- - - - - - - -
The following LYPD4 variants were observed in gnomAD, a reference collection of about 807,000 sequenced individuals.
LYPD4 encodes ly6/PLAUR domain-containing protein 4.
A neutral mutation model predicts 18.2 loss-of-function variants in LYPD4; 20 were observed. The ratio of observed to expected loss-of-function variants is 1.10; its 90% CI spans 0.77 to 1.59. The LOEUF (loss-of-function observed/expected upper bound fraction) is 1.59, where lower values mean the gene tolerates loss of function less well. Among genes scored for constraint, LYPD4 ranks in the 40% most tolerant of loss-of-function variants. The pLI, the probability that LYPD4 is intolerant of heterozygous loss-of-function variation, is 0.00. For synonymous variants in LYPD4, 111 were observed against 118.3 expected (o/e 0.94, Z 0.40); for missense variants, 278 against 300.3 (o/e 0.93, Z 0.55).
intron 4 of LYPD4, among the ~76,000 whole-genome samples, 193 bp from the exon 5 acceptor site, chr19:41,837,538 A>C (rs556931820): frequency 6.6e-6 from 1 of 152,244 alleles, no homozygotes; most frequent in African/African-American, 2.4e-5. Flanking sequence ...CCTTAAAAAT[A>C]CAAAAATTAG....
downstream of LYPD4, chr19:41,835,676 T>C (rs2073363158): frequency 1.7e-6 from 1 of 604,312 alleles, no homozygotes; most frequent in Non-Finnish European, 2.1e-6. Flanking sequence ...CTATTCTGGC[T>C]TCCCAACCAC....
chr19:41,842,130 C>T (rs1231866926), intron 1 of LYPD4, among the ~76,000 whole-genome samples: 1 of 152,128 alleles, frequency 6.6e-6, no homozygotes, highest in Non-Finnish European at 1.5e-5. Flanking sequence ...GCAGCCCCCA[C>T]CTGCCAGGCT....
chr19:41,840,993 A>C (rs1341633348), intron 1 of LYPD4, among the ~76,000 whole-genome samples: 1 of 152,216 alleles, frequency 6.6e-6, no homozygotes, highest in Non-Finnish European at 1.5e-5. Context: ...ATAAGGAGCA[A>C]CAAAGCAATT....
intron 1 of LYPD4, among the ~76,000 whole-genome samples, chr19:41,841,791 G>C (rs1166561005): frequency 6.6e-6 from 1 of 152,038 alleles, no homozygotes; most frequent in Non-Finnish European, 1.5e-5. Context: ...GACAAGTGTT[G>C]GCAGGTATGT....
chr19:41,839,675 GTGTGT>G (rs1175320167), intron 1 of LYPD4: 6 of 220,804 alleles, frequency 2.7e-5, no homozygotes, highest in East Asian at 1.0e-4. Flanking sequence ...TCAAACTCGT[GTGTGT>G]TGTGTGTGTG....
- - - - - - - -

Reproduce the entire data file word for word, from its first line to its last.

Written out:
The following LYPD4 variants were observed in gnomAD, a reference collection of about 807,000 sequenced individuals.
LYPD4 encodes ly6/PLAUR domain-containing protein 4.
A neutral mutation model predicts 18.2 loss-of-function variants in LYPD4; 20 were observed. The ratio of observed to expected loss-of-function variants is 1.10; its 90% CI spans 0.77 to 1.59. The LOEUF (loss-of-function observed/expected upper bound fraction) is 1.59, where lower values mean the gene tolerates loss of function less well. Among genes scored for constraint, LYPD4 ranks in the 40% most tolerant of loss-of-function variants. The pLI, the probability that LYPD4 is intolerant of heterozygous loss-of-function variation, is 0.00. For synonymous variants in LYPD4, 111 were observed against 118.3 expected (o/e 0.94, Z 0.40); for missense variants, 278 against 300.3 (o/e 0.93, Z 0.55).
intron 4 of LYPD4, among the ~76,000 whole-genome samples, 193 bp from the exon 5 acceptor site, chr19:41,837,538 A>C (rs556931820): frequency 6.6e-6 from 1 of 152,244 alleles, no homozygotes; most frequent in African/African-American, 2.4e-5. Flanking sequence ...CCTTAAAAAT[A>C]CAAAAATTAG....
downstream of LYPD4, chr19:41,835,676 T>C (rs2073363158): frequency 1.7e-6 from 1 of 604,312 alleles, no homozygotes; most frequent in Non-Finnish European, 2.1e-6. Flanking sequence ...CTATTCTGGC[T>C]TCCCAACCAC....
chr19:41,842,130 C>T (rs1231866926), intron 1 of LYPD4, among the ~76,000 whole-genome samples: 1 of 152,128 alleles, frequency 6.6e-6, no homozygotes, highest in Non-Finnish European at 1.5e-5. Flanking sequence ...GCAGCCCCCA[C>T]CTGCCAGGCT....
chr19:41,840,993 A>C (rs1341633348), intron 1 of LYPD4, among the ~76,000 whole-genome samples: 1 of 152,216 alleles, frequency 6.6e-6, no homozygotes, highest in Non-Finnish European at 1.5e-5. Context: ...ATAAGGAGCA[A>C]CAAAGCAATT....
intron 1 of LYPD4, among the ~76,000 whole-genome samples, chr19:41,841,791 G>C (rs1166561005): frequency 6.6e-6 from 1 of 152,038 alleles, no homozygotes; most frequent in Non-Finnish European, 1.5e-5. Context: ...GACAAGTGTT[G>C]GCAGGTATGT....
chr19:41,839,675 GTGTGT>G (rs1175320167), intron 1 of LYPD4: 6 of 220,804 alleles, frequency 2.7e-5, no homozygotes, highest in East Asian at 1.0e-4. Flanking sequence ...TCAAACTCGT[GTGTGT>G]TGTGTGTGTG....